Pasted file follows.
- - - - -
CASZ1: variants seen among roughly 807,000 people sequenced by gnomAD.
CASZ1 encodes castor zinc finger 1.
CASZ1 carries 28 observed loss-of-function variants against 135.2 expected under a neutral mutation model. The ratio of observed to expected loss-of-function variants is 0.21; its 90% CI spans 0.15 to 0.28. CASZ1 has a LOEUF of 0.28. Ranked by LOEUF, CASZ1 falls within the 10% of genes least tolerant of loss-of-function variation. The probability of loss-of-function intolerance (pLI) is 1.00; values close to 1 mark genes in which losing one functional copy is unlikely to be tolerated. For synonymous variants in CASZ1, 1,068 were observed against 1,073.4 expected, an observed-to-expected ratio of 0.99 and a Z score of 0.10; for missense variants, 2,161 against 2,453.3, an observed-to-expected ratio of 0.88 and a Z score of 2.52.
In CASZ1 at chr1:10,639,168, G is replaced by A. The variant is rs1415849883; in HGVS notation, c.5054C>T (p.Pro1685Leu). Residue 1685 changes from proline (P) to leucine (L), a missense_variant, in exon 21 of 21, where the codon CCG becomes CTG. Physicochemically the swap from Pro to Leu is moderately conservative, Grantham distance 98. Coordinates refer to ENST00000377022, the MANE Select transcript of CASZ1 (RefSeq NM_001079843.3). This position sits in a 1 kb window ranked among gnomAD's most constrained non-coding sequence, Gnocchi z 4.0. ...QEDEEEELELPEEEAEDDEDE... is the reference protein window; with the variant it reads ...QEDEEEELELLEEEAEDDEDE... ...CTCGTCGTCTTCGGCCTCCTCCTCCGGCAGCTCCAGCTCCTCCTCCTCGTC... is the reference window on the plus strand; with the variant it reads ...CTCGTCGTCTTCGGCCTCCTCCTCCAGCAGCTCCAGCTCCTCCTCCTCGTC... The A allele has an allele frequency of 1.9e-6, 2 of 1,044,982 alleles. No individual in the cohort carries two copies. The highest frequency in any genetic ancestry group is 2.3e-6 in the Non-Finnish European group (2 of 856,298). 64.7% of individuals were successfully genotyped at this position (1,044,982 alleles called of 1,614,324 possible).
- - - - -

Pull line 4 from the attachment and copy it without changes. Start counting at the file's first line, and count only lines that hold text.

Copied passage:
In CASZ1 at chr1:10,639,168, G is replaced by A. The variant is rs1415849883; in HGVS notation, c.5054C>T (p.Pro1685Leu). Residue 1685 changes from proline (P) to leucine (L), a missense_variant, in exon 21 of 21, where the codon CCG becomes CTG. Physicochemically the swap from Pro to Leu is moderately conservative, Grantham distance 98. Coordinates refer to ENST00000377022, the MANE Select transcript of CASZ1 (RefSeq NM_001079843.3). This position sits in a 1 kb window ranked among gnomAD's most constrained non-coding sequence, Gnocchi z 4.0. ...QEDEEEELELPEEEAEDDEDE... is the reference protein window; with the variant it reads ...QEDEEEELELLEEEAEDDEDE... ...CTCGTCGTCTTCGGCCTCCTCCTCCGGCAGCTCCAGCTCCTCCTCCTCGTC... is the reference window on the plus strand; with the variant it reads ...CTCGTCGTCTTCGGCCTCCTCCTCCAGCAGCTCCAGCTCCTCCTCCTCGTC... The A allele has an allele frequency of 1.9e-6, 2 of 1,044,982 alleles. No individual in the cohort carries two copies. The highest frequency in any genetic ancestry group is 2.3e-6 in the Non-Finnish European group (2 of 856,298). 64.7% of individuals were successfully genotyped at this position (1,044,982 alleles called of 1,614,324 possible).